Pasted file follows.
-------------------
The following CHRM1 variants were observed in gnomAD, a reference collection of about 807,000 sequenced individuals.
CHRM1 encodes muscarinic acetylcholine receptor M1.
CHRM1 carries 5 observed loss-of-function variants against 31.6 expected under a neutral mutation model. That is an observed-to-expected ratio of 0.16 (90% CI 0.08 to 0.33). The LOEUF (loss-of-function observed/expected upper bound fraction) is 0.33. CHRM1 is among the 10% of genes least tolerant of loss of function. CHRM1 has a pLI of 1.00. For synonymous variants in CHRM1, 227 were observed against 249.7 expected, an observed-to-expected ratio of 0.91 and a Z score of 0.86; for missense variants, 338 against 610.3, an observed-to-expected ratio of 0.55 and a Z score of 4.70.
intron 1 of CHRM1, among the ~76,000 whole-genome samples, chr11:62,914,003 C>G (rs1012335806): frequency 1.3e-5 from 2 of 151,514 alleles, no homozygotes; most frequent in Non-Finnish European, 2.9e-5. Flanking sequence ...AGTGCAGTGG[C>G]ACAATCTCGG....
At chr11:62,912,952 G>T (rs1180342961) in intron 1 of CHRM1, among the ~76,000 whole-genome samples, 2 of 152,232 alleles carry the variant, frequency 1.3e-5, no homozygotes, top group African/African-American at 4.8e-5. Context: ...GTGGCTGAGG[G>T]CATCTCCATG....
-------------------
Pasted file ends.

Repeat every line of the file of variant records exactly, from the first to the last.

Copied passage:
The following CHRM1 variants were observed in gnomAD, a reference collection of about 807,000 sequenced individuals.
CHRM1 encodes muscarinic acetylcholine receptor M1.
CHRM1 carries 5 observed loss-of-function variants against 31.6 expected under a neutral mutation model. That is an observed-to-expected ratio of 0.16 (90% CI 0.08 to 0.33). The LOEUF (loss-of-function observed/expected upper bound fraction) is 0.33. CHRM1 is among the 10% of genes least tolerant of loss of function. CHRM1 has a pLI of 1.00. For synonymous variants in CHRM1, 227 were observed against 249.7 expected, an observed-to-expected ratio of 0.91 and a Z score of 0.86; for missense variants, 338 against 610.3, an observed-to-expected ratio of 0.55 and a Z score of 4.70.
intron 1 of CHRM1, among the ~76,000 whole-genome samples, chr11:62,914,003 C>G (rs1012335806): frequency 1.3e-5 from 2 of 151,514 alleles, no homozygotes; most frequent in Non-Finnish European, 2.9e-5. Flanking sequence ...AGTGCAGTGG[C>G]ACAATCTCGG....
At chr11:62,912,952 G>T (rs1180342961) in intron 1 of CHRM1, among the ~76,000 whole-genome samples, 2 of 152,232 alleles carry the variant, frequency 1.3e-5, no homozygotes, top group African/African-American at 4.8e-5. Context: ...GTGGCTGAGG[G>T]CATCTCCATG....